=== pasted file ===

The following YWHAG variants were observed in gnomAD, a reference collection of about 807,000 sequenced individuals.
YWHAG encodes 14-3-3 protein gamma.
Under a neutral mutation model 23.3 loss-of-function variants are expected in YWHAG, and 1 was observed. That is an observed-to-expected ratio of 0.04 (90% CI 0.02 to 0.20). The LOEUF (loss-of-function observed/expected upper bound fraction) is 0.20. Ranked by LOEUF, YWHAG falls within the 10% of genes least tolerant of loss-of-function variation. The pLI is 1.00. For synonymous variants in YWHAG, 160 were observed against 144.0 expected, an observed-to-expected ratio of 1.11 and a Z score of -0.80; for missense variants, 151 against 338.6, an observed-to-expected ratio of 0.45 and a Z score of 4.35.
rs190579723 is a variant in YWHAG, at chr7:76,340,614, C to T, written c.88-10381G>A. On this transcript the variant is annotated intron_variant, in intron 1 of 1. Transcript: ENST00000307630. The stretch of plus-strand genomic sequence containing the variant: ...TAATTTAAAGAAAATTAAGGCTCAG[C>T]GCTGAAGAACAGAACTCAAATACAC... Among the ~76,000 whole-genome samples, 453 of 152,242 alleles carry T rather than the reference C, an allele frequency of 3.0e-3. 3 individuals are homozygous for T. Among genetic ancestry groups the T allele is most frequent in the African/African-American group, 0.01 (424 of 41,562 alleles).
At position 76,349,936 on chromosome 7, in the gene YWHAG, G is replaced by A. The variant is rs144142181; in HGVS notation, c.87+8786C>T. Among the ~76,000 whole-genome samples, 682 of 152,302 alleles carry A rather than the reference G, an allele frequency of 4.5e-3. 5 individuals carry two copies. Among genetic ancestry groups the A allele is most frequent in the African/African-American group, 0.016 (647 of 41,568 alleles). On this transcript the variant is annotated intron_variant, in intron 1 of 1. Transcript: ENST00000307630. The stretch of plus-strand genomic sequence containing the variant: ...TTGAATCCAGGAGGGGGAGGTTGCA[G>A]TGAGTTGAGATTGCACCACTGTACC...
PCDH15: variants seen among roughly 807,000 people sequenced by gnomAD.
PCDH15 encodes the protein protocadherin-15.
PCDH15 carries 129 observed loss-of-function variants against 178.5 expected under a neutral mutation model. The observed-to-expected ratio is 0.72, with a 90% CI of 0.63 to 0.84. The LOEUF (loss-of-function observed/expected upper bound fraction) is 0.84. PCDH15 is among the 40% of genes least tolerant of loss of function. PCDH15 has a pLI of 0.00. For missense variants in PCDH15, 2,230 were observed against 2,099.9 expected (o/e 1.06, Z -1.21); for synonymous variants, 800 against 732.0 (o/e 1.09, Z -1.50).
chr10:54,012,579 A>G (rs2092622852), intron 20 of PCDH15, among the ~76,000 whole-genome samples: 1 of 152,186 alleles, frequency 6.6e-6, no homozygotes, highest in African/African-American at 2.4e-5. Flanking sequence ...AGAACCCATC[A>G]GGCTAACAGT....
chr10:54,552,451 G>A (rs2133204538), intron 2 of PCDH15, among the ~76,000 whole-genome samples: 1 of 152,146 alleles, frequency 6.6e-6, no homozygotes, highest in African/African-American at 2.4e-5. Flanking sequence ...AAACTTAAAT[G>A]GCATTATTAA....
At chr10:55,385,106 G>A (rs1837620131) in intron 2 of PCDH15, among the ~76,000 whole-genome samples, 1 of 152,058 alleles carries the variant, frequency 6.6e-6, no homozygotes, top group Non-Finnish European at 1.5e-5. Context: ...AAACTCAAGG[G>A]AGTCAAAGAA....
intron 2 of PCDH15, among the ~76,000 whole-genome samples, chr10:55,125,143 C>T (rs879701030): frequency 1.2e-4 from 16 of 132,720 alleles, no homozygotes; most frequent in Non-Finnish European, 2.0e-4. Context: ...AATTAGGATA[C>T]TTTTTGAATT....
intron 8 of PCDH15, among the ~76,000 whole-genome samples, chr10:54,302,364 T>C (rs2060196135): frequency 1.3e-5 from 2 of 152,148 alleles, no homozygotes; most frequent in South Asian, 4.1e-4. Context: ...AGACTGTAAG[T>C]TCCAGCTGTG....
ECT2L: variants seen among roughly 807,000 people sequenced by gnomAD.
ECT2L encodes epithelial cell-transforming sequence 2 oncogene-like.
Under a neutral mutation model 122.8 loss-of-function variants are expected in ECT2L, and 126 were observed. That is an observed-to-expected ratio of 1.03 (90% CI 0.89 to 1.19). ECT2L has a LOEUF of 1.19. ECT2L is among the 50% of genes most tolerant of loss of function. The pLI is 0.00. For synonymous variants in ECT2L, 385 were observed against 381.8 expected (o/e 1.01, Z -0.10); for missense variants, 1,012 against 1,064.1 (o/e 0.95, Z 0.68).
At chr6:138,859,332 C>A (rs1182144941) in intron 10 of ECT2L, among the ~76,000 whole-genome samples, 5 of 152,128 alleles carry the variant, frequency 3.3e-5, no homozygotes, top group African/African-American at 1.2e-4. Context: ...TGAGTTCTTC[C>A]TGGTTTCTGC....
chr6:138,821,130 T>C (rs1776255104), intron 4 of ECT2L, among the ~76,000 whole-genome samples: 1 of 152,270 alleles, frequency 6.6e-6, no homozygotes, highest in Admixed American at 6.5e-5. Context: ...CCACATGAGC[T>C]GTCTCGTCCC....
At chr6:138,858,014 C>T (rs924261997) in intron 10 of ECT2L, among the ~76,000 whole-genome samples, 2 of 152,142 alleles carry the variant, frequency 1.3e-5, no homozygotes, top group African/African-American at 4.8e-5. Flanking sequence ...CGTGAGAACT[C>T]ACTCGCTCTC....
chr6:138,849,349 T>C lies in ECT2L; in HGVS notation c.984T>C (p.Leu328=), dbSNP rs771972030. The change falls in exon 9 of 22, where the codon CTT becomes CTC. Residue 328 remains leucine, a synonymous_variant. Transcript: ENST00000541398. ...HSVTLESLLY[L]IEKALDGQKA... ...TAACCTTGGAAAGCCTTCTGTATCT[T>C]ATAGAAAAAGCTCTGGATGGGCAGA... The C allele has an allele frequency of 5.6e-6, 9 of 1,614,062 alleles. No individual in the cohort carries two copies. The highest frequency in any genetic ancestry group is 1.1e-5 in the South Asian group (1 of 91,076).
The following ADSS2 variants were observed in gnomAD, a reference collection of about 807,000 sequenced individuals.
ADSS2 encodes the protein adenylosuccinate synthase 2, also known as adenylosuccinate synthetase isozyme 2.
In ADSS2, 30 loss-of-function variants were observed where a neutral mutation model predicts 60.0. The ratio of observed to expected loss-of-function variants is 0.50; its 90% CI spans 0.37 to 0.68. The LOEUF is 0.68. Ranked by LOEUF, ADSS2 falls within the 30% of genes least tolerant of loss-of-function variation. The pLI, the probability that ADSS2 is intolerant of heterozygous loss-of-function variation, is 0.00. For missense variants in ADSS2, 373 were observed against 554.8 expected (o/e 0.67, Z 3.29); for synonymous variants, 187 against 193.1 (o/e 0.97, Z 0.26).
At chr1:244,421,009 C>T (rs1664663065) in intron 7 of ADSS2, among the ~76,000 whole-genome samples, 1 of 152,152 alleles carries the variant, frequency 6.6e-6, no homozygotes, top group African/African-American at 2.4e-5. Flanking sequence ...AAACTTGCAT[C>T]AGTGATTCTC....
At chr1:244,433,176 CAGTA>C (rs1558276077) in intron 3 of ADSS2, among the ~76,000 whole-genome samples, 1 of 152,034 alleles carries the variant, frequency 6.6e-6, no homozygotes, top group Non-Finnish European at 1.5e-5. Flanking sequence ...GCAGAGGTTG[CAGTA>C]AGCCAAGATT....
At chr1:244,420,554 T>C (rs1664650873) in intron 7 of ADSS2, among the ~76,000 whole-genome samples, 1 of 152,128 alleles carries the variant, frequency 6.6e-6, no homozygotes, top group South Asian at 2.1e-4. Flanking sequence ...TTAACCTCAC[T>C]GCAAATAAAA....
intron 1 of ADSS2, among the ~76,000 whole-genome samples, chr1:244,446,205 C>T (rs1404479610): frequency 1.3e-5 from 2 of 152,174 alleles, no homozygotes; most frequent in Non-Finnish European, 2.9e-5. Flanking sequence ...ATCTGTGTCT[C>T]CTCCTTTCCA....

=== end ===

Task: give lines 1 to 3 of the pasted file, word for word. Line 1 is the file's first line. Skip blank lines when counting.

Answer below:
The following YWHAG variants were observed in gnomAD, a reference collection of about 807,000 sequenced individuals.
YWHAG encodes 14-3-3 protein gamma.
Under a neutral mutation model 23.3 loss-of-function variants are expected in YWHAG, and 1 was observed. That is an observed-to-expected ratio of 0.04 (90% CI 0.02 to 0.20). The LOEUF (loss-of-function observed/expected upper bound fraction) is 0.20. Ranked by LOEUF, YWHAG falls within the 10% of genes least tolerant of loss-of-function variation. The pLI is 1.00. For synonymous variants in YWHAG, 160 were observed against 144.0 expected, an observed-to-expected ratio of 1.11 and a Z score of -0.80; for missense variants, 151 against 338.6, an observed-to-expected ratio of 0.45 and a Z score of 4.35.